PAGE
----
Joseph Corbett of the US Postal Service at Ricco Maresca Gallery

Ambassador Sandra Fuentes-Berain, Counsel General from Mexico continued. She spoke movingly of a Mexican migrant worker who had been shot last week in upstate New York because he did not understand what the police were yelling at him. She cited the 35 million Mexicans who live in the United States who are here seeking a better life, as generations of immigrants have done for centuries. “They are here,” she said, “not to take jobs from Americans but to do the jobs Americans don’t want to do.”

Geo-politics, superb, and important outsider art, the guys from the Post Office, and their groupie stamp collectors — how often do we get to mix with great US art critics and folk art curators and our most committed philatelists? More than 50 years after his death in 1963, Martin Ramírez has left his stamp on the New York art scene.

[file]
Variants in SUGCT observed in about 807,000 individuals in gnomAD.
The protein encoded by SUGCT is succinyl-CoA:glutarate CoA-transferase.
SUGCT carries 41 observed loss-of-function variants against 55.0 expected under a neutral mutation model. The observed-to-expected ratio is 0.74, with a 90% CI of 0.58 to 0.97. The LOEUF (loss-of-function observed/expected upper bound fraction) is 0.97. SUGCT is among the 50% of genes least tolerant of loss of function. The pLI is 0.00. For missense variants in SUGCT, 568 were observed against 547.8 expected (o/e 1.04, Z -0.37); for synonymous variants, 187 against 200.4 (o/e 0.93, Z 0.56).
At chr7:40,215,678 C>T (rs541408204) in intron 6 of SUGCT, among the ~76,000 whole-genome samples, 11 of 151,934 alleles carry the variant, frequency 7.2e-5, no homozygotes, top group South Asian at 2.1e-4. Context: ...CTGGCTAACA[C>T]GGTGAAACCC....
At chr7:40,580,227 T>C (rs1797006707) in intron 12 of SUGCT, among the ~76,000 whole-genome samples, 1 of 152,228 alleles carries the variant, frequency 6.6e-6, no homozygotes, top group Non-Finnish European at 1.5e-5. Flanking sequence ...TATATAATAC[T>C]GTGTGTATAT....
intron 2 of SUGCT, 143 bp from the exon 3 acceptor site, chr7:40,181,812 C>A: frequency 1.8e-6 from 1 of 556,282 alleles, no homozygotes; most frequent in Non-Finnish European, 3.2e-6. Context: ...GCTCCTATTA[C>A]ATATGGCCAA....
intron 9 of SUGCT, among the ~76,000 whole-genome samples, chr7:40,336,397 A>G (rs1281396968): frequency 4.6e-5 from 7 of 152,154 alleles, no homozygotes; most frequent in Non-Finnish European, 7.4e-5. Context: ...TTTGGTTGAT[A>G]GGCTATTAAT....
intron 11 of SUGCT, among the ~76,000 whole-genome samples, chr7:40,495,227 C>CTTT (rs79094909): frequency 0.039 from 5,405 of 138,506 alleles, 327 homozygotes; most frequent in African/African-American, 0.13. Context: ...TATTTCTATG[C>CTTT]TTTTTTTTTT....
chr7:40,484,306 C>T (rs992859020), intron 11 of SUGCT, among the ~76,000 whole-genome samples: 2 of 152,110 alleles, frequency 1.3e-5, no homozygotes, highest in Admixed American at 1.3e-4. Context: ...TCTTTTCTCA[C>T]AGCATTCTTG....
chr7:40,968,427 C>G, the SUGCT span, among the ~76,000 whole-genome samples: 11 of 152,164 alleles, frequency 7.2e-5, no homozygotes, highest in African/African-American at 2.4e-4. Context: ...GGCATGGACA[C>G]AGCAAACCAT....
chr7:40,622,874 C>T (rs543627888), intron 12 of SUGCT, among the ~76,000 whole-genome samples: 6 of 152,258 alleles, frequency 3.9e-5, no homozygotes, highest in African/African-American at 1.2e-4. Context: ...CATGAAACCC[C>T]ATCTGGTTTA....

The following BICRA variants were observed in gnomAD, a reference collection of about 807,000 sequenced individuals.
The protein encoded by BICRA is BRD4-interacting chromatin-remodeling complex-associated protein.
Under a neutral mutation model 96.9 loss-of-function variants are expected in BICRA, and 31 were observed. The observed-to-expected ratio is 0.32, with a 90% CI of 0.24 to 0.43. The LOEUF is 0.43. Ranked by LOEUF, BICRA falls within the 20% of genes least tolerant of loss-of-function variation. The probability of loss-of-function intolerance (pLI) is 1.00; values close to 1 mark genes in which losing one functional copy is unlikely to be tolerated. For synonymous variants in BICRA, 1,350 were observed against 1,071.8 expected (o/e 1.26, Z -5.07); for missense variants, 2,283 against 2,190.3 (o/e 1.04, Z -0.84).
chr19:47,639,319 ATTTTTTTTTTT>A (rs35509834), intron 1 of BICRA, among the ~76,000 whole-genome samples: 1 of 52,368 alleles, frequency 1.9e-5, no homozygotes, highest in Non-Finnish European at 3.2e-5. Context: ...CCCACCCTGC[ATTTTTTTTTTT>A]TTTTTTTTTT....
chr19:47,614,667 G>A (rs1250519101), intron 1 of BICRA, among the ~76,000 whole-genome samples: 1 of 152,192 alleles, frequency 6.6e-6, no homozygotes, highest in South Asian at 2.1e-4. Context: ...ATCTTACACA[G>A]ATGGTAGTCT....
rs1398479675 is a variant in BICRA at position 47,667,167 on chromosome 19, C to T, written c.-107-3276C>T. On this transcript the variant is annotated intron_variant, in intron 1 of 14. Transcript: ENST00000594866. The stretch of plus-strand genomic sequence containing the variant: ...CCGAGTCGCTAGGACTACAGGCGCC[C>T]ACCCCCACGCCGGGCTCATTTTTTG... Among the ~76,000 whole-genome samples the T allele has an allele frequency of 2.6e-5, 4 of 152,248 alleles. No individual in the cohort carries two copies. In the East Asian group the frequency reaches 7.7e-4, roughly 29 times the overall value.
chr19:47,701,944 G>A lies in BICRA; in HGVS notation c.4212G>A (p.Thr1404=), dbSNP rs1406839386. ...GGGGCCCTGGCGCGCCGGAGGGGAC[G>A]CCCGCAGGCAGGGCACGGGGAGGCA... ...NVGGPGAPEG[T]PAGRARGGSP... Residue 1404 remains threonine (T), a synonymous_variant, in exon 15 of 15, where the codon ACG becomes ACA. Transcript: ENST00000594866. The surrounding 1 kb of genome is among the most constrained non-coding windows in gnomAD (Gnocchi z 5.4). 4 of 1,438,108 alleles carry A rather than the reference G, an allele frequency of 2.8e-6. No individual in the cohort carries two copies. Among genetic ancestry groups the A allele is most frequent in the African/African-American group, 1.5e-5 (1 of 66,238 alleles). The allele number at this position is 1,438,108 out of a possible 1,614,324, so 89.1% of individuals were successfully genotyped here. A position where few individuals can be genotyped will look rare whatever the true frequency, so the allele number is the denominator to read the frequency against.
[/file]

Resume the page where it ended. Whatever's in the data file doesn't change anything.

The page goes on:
Martín Ramírez, “Untitled (Stag on Mound with Fireworks)” (c. 1952–53), graphite, tempera and crayon on paper, 32 x 19 1/2 in; 81.3 x 49.3 cm (click to enlarge)


Martín Ramírez, “Untitled (Courtyard with Man and Animals)” (c. 1950-55), graphite, tempera and crayon on paper, 47 1/2 x 36 in


Martín Ramírez, “Untitled (Horse and Rider)” (c. 1950), colored pencil, crayon, and collage on paper, 37 x 17 1/2 in
Martín Ramírez: Forever continues at Ricco Maresca through May 2.

Tagged as: Martín Ramírez, Ricco Maresca, US Postal Service

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Out of This World, Domestic Objects Transcend

  • by Melissa Stern on March 24, 2015
  •  Gupta_FpountainSubodh Gupta, “This is not a fountain” (2011), old aluminium utensils, water, painted brass taps, PVC pipes, motor (all photos by the author for Hyperallergic)